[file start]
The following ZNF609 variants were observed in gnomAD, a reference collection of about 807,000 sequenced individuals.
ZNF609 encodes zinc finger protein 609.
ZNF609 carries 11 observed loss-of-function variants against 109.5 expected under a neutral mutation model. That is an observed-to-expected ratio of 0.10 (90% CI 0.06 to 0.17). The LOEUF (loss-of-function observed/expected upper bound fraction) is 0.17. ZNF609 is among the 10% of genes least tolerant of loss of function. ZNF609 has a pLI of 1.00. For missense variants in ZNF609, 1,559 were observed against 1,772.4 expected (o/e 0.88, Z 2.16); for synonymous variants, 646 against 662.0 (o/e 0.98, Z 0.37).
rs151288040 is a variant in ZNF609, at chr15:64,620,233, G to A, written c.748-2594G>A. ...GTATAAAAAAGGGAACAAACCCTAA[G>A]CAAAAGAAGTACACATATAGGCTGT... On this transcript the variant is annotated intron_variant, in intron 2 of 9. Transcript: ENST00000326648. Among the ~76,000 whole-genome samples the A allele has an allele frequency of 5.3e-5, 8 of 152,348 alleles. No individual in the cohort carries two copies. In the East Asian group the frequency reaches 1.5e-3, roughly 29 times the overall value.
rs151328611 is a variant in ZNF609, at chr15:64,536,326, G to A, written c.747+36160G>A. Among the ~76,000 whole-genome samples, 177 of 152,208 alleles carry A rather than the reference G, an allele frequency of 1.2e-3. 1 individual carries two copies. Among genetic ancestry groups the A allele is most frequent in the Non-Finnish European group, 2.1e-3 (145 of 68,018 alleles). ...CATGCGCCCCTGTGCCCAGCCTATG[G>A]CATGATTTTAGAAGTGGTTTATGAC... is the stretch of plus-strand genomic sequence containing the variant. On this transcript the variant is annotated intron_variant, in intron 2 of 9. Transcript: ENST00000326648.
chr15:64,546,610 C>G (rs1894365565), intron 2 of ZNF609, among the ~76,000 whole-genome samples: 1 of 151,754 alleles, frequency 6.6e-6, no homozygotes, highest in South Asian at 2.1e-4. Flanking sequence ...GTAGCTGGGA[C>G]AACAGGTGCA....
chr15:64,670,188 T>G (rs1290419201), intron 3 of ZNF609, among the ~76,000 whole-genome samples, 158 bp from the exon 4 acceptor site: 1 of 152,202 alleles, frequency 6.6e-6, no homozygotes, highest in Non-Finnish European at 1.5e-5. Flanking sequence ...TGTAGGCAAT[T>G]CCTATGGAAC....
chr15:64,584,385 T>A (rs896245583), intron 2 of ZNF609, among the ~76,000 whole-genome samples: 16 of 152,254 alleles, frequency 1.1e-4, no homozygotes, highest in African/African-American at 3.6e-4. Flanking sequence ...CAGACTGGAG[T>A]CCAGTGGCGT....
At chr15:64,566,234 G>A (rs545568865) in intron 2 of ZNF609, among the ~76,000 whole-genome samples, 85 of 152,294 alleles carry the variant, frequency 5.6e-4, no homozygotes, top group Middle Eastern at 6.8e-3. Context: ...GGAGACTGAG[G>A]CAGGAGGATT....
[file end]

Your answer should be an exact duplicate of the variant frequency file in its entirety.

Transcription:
The following ZNF609 variants were observed in gnomAD, a reference collection of about 807,000 sequenced individuals.
ZNF609 encodes zinc finger protein 609.
ZNF609 carries 11 observed loss-of-function variants against 109.5 expected under a neutral mutation model. That is an observed-to-expected ratio of 0.10 (90% CI 0.06 to 0.17). The LOEUF (loss-of-function observed/expected upper bound fraction) is 0.17. ZNF609 is among the 10% of genes least tolerant of loss of function. ZNF609 has a pLI of 1.00. For missense variants in ZNF609, 1,559 were observed against 1,772.4 expected (o/e 0.88, Z 2.16); for synonymous variants, 646 against 662.0 (o/e 0.98, Z 0.37).
rs151288040 is a variant in ZNF609, at chr15:64,620,233, G to A, written c.748-2594G>A. ...GTATAAAAAAGGGAACAAACCCTAA[G>A]CAAAAGAAGTACACATATAGGCTGT... On this transcript the variant is annotated intron_variant, in intron 2 of 9. Transcript: ENST00000326648. Among the ~76,000 whole-genome samples the A allele has an allele frequency of 5.3e-5, 8 of 152,348 alleles. No individual in the cohort carries two copies. In the East Asian group the frequency reaches 1.5e-3, roughly 29 times the overall value.
rs151328611 is a variant in ZNF609, at chr15:64,536,326, G to A, written c.747+36160G>A. Among the ~76,000 whole-genome samples, 177 of 152,208 alleles carry A rather than the reference G, an allele frequency of 1.2e-3. 1 individual carries two copies. Among genetic ancestry groups the A allele is most frequent in the Non-Finnish European group, 2.1e-3 (145 of 68,018 alleles). ...CATGCGCCCCTGTGCCCAGCCTATG[G>A]CATGATTTTAGAAGTGGTTTATGAC... is the stretch of plus-strand genomic sequence containing the variant. On this transcript the variant is annotated intron_variant, in intron 2 of 9. Transcript: ENST00000326648.
chr15:64,546,610 C>G (rs1894365565), intron 2 of ZNF609, among the ~76,000 whole-genome samples: 1 of 151,754 alleles, frequency 6.6e-6, no homozygotes, highest in South Asian at 2.1e-4. Flanking sequence ...GTAGCTGGGA[C>G]AACAGGTGCA....
chr15:64,670,188 T>G (rs1290419201), intron 3 of ZNF609, among the ~76,000 whole-genome samples, 158 bp from the exon 4 acceptor site: 1 of 152,202 alleles, frequency 6.6e-6, no homozygotes, highest in Non-Finnish European at 1.5e-5. Flanking sequence ...TGTAGGCAAT[T>G]CCTATGGAAC....
chr15:64,584,385 T>A (rs896245583), intron 2 of ZNF609, among the ~76,000 whole-genome samples: 16 of 152,254 alleles, frequency 1.1e-4, no homozygotes, highest in African/African-American at 3.6e-4. Flanking sequence ...CAGACTGGAG[T>A]CCAGTGGCGT....
At chr15:64,566,234 G>A (rs545568865) in intron 2 of ZNF609, among the ~76,000 whole-genome samples, 85 of 152,294 alleles carry the variant, frequency 5.6e-4, no homozygotes, top group Middle Eastern at 6.8e-3. Context: ...GGAGACTGAG[G>A]CAGGAGGATT....